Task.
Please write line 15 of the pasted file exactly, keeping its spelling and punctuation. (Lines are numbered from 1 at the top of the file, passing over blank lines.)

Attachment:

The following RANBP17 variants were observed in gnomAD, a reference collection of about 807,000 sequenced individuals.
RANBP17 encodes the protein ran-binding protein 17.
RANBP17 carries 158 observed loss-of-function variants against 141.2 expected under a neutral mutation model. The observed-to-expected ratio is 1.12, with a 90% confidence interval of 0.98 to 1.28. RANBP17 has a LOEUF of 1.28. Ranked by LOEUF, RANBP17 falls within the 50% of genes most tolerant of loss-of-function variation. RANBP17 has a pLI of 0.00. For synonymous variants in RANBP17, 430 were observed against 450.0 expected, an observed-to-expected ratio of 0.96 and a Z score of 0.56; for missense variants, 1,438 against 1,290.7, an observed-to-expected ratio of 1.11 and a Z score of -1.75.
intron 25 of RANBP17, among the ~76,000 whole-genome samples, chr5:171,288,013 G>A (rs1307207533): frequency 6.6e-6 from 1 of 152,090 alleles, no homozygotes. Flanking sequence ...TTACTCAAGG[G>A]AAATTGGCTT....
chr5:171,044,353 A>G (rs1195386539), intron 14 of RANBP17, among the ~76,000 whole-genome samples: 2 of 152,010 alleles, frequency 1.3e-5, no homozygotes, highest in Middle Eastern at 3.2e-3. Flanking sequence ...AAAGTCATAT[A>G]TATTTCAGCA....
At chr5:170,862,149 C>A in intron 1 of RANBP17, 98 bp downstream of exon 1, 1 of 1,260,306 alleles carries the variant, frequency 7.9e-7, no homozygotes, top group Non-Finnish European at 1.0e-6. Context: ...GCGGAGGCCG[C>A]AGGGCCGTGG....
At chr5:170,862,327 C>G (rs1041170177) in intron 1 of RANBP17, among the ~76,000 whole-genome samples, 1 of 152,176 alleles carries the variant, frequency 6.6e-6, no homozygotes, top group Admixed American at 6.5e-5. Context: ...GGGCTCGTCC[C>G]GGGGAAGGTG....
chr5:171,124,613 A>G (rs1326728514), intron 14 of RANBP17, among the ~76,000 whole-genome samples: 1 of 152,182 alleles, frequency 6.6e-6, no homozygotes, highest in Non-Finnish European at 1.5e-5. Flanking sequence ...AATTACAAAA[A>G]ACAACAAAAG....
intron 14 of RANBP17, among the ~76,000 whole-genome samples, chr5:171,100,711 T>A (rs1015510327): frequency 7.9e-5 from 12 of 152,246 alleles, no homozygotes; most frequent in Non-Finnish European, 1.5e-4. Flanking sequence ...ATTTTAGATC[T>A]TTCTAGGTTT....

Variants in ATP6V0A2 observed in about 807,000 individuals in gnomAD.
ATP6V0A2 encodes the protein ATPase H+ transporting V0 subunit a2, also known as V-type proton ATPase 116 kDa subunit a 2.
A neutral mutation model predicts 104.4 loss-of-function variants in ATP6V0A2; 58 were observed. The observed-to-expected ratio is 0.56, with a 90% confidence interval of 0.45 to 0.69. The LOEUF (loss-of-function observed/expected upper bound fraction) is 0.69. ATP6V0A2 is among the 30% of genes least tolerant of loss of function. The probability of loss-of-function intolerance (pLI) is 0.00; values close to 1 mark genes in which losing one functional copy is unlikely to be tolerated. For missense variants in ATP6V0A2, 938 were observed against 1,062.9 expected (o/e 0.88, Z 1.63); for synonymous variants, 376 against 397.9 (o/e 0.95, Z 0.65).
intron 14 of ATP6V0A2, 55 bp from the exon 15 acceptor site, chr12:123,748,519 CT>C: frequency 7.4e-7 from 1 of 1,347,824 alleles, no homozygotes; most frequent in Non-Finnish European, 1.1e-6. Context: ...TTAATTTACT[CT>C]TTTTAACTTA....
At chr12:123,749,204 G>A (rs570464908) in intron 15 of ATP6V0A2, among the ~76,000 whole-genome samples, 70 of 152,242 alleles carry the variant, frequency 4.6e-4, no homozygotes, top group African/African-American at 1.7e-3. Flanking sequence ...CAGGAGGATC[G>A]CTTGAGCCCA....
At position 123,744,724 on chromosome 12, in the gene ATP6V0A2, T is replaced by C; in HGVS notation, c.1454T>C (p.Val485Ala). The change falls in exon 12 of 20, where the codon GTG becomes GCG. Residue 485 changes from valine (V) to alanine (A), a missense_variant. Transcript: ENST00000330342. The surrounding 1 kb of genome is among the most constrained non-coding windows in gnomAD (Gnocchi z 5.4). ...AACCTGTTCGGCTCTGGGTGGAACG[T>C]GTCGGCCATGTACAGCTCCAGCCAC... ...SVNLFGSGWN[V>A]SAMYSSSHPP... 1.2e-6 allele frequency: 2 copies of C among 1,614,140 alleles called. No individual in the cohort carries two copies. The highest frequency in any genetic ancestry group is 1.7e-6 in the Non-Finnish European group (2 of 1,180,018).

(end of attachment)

At position 123,744,724 on chromosome 12, in the gene ATP6V0A2, T is replaced by C; in HGVS notation, c.1454T>C (p.Val485Ala). The change falls in exon 12 of 20, where the codon GTG becomes GCG. Residue 485 changes from valine (V) to alanine (A), a missense_variant. Transcript: ENST00000330342. The surrounding 1 kb of genome is among the most constrained non-coding windows in gnomAD (Gnocchi z 5.4). ...AACCTGTTCGGCTCTGGGTGGAACG[T>C]GTCGGCCATGTACAGCTCCAGCCAC... ...SVNLFGSGWN[V>A]SAMYSSSHPP... 1.2e-6 allele frequency: 2 copies of C among 1,614,140 alleles called. No individual in the cohort carries two copies. The highest frequency in any genetic ancestry group is 1.7e-6 in the Non-Finnish European group (2 of 1,180,018).